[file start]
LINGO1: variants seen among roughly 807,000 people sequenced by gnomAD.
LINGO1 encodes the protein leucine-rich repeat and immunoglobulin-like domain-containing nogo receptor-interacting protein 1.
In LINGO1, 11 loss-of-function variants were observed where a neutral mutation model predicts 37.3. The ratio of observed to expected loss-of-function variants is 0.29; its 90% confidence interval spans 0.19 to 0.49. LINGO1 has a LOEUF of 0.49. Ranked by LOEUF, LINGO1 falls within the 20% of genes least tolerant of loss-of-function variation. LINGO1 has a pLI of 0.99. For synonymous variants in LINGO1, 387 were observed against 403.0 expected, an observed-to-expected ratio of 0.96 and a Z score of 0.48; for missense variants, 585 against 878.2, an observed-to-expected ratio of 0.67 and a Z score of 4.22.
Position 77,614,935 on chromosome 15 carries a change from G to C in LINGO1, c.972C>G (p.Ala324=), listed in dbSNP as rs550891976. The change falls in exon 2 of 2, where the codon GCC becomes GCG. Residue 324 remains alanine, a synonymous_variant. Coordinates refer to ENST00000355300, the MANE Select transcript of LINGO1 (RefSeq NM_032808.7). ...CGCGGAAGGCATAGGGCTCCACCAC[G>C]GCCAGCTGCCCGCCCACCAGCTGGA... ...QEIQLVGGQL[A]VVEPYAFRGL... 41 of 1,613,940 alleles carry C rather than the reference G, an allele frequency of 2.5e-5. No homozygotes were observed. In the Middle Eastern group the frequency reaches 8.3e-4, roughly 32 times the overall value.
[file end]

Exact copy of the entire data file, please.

LINGO1: variants seen among roughly 807,000 people sequenced by gnomAD.
LINGO1 encodes the protein leucine-rich repeat and immunoglobulin-like domain-containing nogo receptor-interacting protein 1.
In LINGO1, 11 loss-of-function variants were observed where a neutral mutation model predicts 37.3. The ratio of observed to expected loss-of-function variants is 0.29; its 90% confidence interval spans 0.19 to 0.49. LINGO1 has a LOEUF of 0.49. Ranked by LOEUF, LINGO1 falls within the 20% of genes least tolerant of loss-of-function variation. LINGO1 has a pLI of 0.99. For synonymous variants in LINGO1, 387 were observed against 403.0 expected, an observed-to-expected ratio of 0.96 and a Z score of 0.48; for missense variants, 585 against 878.2, an observed-to-expected ratio of 0.67 and a Z score of 4.22.
Position 77,614,935 on chromosome 15 carries a change from G to C in LINGO1, c.972C>G (p.Ala324=), listed in dbSNP as rs550891976. The change falls in exon 2 of 2, where the codon GCC becomes GCG. Residue 324 remains alanine, a synonymous_variant. Coordinates refer to ENST00000355300, the MANE Select transcript of LINGO1 (RefSeq NM_032808.7). ...CGCGGAAGGCATAGGGCTCCACCAC[G>C]GCCAGCTGCCCGCCCACCAGCTGGA... ...QEIQLVGGQL[A]VVEPYAFRGL... 41 of 1,613,940 alleles carry C rather than the reference G, an allele frequency of 2.5e-5. No homozygotes were observed. In the Middle Eastern group the frequency reaches 8.3e-4, roughly 32 times the overall value.